Man accused of Canadian, US visa frauds on $400,000 bail
Forty-six-year-old Kwese Lewis has been slapped with four fraud-related charges in relation to promises he made to persons that he can acquire United States of America (USA) and Canadian visas for them.
The man was arraigned before acting Chief Magistrate Sherdel Isaacs-Marcus on Tuesday at the Georgetown Magistrates’ Courts, and he pleaded not guilty to the charges.
It is alleged that between September 22, 2022 and February 21, 2023, at Georgetown, Lewis obtained the sum of $150,000 from Evans Stoby and her grandson Jaden Williams by falsely pretending that he was in the position to acquire a Canadian visa.
It is also alleged that he defrauded Tonette Glen and her grandson Jeremiah Carter of a sum of $157,000 between August 20, 2022 and January 23, 2023, at Georgetown, by falsely pretending that he was in the position to acquire an American visa.
It is further alleged that between September 1, 2022, and October 19, 2022, at Georgetown, he defrauded Andrew Nepaul of US$2,045 by falsely pretending that he was in the position to acquire an American Visa for his brother Chris Nepaul.
Lewis is further accused of defrauding Chris Nepaul of $60,000 on August 10, 2022, at Charlotte Street, Georgetown, by falsely pretending that he was in a position to acquire a US visa for him.
The Police prosecutor had objected to Lewis being admitted to bail, but Magistrate Isaacs-Marcus granted him $400,000 bail on condition that he reports to the Officer-in-Charge of the Brickdam Police Station every Friday at 09:00am pending the hearing and determination of his trial. The matters will continue on June 23.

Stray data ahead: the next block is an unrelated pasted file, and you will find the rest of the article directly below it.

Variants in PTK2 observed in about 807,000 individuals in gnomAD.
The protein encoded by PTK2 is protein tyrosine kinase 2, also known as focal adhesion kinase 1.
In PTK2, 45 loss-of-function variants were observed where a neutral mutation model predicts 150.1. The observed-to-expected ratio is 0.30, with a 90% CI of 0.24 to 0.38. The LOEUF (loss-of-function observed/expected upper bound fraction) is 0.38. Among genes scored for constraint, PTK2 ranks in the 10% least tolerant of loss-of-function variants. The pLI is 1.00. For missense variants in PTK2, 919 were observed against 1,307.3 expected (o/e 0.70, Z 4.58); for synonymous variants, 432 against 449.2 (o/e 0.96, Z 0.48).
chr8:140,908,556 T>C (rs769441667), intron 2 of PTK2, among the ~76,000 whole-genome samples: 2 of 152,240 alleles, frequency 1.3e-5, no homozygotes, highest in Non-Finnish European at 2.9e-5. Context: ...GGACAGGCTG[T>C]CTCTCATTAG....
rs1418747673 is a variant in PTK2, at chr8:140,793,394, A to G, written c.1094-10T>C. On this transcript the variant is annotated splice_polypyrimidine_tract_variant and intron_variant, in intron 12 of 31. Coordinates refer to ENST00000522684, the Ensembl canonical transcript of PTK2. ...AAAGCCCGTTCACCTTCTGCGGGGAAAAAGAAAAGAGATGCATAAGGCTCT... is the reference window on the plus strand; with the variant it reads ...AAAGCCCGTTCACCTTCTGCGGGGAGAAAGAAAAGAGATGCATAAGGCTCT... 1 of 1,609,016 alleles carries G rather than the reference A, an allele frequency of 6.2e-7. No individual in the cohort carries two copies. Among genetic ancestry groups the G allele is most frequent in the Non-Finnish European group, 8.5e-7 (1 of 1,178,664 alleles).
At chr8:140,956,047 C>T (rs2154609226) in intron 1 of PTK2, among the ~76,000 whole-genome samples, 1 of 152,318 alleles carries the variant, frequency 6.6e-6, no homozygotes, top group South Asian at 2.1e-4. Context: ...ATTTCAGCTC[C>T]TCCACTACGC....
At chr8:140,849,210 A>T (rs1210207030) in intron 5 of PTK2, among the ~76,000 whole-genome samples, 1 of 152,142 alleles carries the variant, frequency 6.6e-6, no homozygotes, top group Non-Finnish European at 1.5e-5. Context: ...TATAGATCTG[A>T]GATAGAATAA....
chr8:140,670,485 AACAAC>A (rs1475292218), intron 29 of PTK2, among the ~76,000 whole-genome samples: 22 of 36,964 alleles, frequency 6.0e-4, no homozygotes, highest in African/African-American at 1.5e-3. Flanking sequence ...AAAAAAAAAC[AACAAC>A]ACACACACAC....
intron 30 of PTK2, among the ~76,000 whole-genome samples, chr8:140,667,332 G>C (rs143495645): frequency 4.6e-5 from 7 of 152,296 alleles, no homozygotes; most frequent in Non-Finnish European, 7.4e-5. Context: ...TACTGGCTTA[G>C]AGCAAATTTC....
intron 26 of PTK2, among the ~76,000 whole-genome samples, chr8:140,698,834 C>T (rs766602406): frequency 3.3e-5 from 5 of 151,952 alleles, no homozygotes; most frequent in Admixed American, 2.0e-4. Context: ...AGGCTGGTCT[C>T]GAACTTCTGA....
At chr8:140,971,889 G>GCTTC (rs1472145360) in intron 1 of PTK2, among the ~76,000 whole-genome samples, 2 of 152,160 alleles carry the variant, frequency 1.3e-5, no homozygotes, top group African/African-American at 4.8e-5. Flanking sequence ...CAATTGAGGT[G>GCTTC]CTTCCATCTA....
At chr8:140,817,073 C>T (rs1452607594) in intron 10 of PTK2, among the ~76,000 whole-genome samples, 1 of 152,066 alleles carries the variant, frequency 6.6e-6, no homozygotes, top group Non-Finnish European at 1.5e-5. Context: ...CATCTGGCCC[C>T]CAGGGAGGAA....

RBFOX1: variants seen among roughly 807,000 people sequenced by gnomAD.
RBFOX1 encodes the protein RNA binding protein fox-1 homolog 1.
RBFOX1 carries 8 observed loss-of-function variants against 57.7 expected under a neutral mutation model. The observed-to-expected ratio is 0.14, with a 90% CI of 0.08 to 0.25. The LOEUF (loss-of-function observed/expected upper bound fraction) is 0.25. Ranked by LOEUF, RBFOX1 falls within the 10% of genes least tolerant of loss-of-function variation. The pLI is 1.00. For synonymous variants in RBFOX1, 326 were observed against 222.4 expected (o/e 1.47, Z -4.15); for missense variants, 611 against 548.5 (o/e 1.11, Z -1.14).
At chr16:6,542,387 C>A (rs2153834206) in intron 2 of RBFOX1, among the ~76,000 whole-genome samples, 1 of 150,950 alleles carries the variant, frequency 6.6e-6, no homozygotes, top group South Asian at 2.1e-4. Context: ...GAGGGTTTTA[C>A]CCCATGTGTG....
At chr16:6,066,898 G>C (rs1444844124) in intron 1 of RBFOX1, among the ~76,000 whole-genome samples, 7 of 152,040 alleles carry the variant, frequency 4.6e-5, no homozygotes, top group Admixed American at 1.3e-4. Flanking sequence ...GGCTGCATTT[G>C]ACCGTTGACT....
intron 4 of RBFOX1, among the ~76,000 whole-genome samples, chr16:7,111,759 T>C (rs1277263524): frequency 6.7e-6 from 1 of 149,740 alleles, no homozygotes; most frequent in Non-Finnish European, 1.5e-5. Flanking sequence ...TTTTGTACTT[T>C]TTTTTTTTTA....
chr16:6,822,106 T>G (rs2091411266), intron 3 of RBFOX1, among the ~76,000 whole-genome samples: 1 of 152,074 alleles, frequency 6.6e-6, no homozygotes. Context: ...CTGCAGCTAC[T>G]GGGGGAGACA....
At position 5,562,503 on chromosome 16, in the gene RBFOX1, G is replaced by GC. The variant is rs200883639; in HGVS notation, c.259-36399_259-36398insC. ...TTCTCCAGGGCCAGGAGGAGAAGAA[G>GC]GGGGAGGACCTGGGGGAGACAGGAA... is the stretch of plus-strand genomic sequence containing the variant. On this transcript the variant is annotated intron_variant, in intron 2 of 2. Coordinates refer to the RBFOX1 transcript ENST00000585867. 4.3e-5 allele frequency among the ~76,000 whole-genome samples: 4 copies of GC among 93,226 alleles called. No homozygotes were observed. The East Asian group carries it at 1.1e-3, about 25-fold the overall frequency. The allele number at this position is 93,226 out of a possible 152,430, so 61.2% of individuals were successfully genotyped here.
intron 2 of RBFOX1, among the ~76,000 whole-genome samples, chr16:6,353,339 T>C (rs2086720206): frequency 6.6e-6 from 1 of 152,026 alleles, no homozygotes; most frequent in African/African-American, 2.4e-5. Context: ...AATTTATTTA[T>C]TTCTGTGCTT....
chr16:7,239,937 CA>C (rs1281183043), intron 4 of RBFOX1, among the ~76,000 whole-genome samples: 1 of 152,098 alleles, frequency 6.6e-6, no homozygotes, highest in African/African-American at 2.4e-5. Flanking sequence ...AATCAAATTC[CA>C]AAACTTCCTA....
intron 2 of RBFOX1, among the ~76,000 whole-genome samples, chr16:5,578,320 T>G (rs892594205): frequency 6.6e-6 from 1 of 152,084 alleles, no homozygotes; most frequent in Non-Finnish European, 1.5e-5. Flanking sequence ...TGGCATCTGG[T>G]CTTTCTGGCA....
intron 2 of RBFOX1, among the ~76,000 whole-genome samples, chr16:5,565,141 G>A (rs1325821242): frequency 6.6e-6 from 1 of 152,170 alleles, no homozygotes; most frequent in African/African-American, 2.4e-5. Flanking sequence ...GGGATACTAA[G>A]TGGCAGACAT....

The US Embassy in Georgetown recently warned members of the public to be aware of visa scams in light of an increase in third-party preparers or visa service providers creating fake appointment letters and charging exorbitant fees for visa services people can otherwise do by themselves.
The embassy has also reiterated that paying someone would not improve an applicant’s chances of getting a visa. In fact, people have been advised to avoid anyone who makes such a claim.
“Visa consultants cannot improve your chances of qualifying for a visa, and they have no “inside” connection with the Embassy. Your eligibility is determined by a consular officer after a visa interview. Report anyone who claims to improve your chances of qualifying for a visa to [email protected],” the Embassy’s recent “Ask the Consul” column pointed out.
Further, it has reminded that knowing someone at the Embassy will not help you get a visa, since an applicant’s qualifications – as presented in the visa application and at the interview – and US law are the only basis on which consul officers make visa decisions.
Further, it has noted that regulations prohibit Embassy officials from providing unofficial assistance to visa applicants. (G1)